Comic-Con 2010: Del Toro's Don't Be Afraid of the Dark Scares
by Ethan Anderton
July 26, 2010
There are definitely some loyal fans to the horror genre out there who keep turning out for films like Saw, Hostel, Final Destination and all of their sequels. But for every one of those fans, there are also others who find the genre to be in a sad state, with crappy sequels and cheap "horror" films. But thank the maker for a filmmaker like Guillermo Del Toro who not only creates intricate and amazing worlds out of nothing, but brings genuine scares back to the cinema. This time del Toro showed up with first-time director Troy Nixey to tease their remake of the 1973 TV movie Don't Be Afraid of the Dark, and holy sh*t was I afraid of it.
This is a project that one could say started in del Toro's mind when he was just a child. He grew up during what he called "the golden age of horror television" when there used to be horror on TV. Del Toro said, "For many years [this] was the scariest movie I ever saw. It was like a myth of childhood." If you're unfamiliar with the story, there's an ancient ashpit (kind of like a chimney) in the basement of a house in which a new family has arrived. When the little girl in the family discovers the ashpit and opens it, the things that live in there want to take her down with them, including changelings that snatch children and replace them with fake ones and a Rip Van Winkle-like monster that takes children away to "fairy land." As you have probably surmised though, this is not a happy, pink fairy land, but a dark, desolate world set in fairytale lore.
As a first-time feature director, Nixey seems to be nailing it, and del Toro has helped his first time out by surrounding the director with a tremendously talented crew. No doubt del Toro is one of the very few directors who can still conjure a genuine scare out of me whether it's in a movie theater or in the comforts of my own home, so his faith in Nixey speaks volumes about his talent. Del Toro's philosophy is that film, no matter the genre, "should deliver a shiver, or a good old-fashioned scare." Even the most basic action film should keep you on the edge of your seat in some sort of fear. With the footage shown, however, the scares in this movie are much more than just a simple shiver.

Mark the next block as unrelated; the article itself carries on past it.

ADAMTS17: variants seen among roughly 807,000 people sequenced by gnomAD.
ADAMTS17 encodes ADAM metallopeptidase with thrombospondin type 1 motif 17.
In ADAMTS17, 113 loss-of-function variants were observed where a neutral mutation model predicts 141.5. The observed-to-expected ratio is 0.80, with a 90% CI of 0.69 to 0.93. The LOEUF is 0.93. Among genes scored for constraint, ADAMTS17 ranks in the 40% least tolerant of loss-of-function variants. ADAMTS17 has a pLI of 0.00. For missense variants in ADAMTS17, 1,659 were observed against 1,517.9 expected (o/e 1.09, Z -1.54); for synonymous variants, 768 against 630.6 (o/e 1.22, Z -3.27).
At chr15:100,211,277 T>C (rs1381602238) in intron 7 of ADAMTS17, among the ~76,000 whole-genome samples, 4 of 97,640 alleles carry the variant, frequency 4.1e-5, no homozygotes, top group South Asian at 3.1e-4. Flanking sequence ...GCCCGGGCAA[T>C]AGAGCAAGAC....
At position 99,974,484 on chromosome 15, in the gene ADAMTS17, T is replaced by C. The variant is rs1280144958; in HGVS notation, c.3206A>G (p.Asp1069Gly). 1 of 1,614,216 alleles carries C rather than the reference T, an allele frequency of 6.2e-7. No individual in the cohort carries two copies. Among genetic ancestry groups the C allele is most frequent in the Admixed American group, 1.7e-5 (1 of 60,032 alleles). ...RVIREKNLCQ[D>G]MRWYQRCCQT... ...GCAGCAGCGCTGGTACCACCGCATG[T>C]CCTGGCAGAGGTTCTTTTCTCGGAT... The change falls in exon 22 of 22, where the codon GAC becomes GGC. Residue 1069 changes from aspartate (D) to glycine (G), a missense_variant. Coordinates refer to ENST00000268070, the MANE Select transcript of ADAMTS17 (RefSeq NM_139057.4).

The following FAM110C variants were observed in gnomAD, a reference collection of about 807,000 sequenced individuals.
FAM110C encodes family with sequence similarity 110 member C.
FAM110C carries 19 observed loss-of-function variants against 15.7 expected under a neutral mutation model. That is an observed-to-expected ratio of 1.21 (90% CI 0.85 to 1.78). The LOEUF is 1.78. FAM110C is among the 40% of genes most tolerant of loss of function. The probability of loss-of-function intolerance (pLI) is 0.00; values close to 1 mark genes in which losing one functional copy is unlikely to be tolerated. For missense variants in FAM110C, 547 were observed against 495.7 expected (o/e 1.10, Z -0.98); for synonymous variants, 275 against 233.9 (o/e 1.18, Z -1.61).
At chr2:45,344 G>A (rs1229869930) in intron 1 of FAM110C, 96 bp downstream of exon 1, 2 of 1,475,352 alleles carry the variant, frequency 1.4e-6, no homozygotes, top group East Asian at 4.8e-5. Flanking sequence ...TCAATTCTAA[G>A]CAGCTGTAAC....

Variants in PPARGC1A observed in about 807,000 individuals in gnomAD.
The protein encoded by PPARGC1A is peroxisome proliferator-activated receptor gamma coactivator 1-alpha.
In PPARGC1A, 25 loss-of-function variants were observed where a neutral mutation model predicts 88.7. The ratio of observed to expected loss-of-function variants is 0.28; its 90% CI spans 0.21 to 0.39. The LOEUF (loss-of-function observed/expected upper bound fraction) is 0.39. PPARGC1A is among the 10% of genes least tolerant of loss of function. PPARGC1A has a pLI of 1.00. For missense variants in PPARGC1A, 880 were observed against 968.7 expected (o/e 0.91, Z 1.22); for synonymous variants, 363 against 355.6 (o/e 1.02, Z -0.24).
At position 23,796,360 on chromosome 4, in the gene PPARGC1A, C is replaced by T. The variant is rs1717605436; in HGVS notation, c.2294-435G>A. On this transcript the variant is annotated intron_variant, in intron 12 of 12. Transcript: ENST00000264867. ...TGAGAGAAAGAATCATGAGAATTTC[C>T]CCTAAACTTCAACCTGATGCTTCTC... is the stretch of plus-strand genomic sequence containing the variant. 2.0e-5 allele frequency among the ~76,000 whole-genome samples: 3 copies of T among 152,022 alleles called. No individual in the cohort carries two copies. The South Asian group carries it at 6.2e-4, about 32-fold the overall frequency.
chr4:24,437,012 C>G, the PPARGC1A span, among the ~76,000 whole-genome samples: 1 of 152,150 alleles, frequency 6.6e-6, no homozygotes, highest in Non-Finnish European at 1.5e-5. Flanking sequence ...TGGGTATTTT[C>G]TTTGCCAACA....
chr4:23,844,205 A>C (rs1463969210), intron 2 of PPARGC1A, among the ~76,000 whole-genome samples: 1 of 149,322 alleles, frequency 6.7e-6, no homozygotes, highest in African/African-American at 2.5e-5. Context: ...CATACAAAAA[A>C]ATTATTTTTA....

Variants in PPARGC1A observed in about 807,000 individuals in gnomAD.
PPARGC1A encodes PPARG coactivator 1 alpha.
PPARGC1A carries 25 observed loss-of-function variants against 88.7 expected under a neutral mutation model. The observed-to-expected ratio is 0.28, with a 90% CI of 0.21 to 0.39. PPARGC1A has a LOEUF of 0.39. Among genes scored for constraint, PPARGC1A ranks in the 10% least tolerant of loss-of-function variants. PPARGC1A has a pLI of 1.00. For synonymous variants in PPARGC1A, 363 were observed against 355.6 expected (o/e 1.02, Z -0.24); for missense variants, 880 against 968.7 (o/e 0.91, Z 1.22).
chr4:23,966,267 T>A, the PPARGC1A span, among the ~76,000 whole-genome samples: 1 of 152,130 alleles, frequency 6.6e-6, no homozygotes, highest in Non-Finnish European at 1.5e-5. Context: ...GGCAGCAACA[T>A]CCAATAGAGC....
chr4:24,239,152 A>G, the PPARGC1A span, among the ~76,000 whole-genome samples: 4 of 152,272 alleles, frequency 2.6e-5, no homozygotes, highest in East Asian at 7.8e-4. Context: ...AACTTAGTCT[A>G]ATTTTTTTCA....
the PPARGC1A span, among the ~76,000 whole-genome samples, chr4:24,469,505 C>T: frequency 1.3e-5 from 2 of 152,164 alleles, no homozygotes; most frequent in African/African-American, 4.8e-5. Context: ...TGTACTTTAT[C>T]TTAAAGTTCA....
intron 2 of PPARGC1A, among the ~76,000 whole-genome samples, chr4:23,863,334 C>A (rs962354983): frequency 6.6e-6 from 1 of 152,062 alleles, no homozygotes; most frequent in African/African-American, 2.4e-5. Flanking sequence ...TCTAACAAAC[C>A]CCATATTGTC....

You may not think a horror remake is the best way to deliver this kind of thrill. But this is a del Toro production we're talking about, and he thinks some of the best horror films are remakes, but is careful to point out that "when a remake comes from a marketing decision, it's kind of fucked up." This is a remake about telling an old story in a new way. Don't Be Afraid of the Dark feels like a mixture of Pan's Labyrinth and Drag Me to Hell with the opening prologue setting up a history of the creatures in the ashpit and the darkness that resides in the house that will become the contemporary setting for the film. Even watching this film with thousands of others in the safety of Hall H (despite the unsafe events that happened the next day), I found myself feeling terribly uneasy if only because of the darkness surrounding us.
Much of the teaser trailer shown in Hall H was, as you would expect, a simple tease with quite a scary final shot which made the entire hall collectively jump with fear (not even kidding). Then an entire clip was shown focusing on the prologue (set in the 1900's) to set up the film's contemporay setting. A maid hears strange noises on the lower level of the house and decides to investigate. The owner of the house has set up a wire for her to trip on down the stairs. Upon her tumble, the man appears, clearly not himself, and thrusts himself on the woman, a chisel and hammer in hand. He's mumbling to himself something about teeth, and he clearly needs them. After scraping the chisel around in her mouth and across her teeth, he makes his swing with the hammer. The teeth shatter, spread across the wood floor, and he collects them to hand over to the ashpit. But upon his presentation, he finds himself grabbed by obscured creatures as they drag his entire body down the ashpit.
But good news does come from the MPAA, a place where good news doesn't usually ever escape. Originally, del Toro and Nixey thought they could get away with crafting a truly scary movie and keeping the film PG-13 (the lack of gore and nudity being the typical factor in hitting an R-rating). And so they proceeded with the film, submitted to the MPAA and still received an irreversible R-rating. Why? It has too much "pervasive scariness." The film was simply so scary that the MPAA found it too jarring for anyone under 17. So GdT and Nixey thought, "Why ruin a perfectly good scary movie?" Now we have a high quality, legitimately scary film starring Katie Holmes and Guy Pearce headed to theaters in January 2011. It's going to be hard to sleep after this one, folks. Be prepared.